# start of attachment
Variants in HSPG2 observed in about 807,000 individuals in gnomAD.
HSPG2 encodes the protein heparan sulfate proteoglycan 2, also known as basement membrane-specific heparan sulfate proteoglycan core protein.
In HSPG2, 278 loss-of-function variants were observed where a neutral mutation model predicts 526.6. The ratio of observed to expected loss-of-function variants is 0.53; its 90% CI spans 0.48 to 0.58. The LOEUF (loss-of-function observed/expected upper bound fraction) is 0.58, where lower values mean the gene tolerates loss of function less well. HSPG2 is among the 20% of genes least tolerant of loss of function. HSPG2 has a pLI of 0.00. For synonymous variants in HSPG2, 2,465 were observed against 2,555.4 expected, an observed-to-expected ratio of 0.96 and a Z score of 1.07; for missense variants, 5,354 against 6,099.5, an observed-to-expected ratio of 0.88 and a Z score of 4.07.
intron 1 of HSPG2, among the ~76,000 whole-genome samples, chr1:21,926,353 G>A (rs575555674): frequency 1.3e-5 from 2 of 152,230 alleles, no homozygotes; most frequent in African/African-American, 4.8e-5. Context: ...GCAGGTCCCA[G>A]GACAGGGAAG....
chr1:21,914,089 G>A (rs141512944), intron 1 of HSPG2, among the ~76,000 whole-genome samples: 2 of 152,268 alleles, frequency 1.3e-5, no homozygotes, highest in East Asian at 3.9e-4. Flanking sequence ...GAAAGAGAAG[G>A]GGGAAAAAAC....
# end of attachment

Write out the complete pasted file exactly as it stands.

Variants in HSPG2 observed in about 807,000 individuals in gnomAD.
HSPG2 encodes the protein heparan sulfate proteoglycan 2, also known as basement membrane-specific heparan sulfate proteoglycan core protein.
In HSPG2, 278 loss-of-function variants were observed where a neutral mutation model predicts 526.6. The ratio of observed to expected loss-of-function variants is 0.53; its 90% CI spans 0.48 to 0.58. The LOEUF (loss-of-function observed/expected upper bound fraction) is 0.58, where lower values mean the gene tolerates loss of function less well. HSPG2 is among the 20% of genes least tolerant of loss of function. HSPG2 has a pLI of 0.00. For synonymous variants in HSPG2, 2,465 were observed against 2,555.4 expected, an observed-to-expected ratio of 0.96 and a Z score of 1.07; for missense variants, 5,354 against 6,099.5, an observed-to-expected ratio of 0.88 and a Z score of 4.07.
intron 1 of HSPG2, among the ~76,000 whole-genome samples, chr1:21,926,353 G>A (rs575555674): frequency 1.3e-5 from 2 of 152,230 alleles, no homozygotes; most frequent in African/African-American, 4.8e-5. Context: ...GCAGGTCCCA[G>A]GACAGGGAAG....
chr1:21,914,089 G>A (rs141512944), intron 1 of HSPG2, among the ~76,000 whole-genome samples: 2 of 152,268 alleles, frequency 1.3e-5, no homozygotes, highest in East Asian at 3.9e-4. Flanking sequence ...GAAAGAGAAG[G>A]GGGAAAAAAC....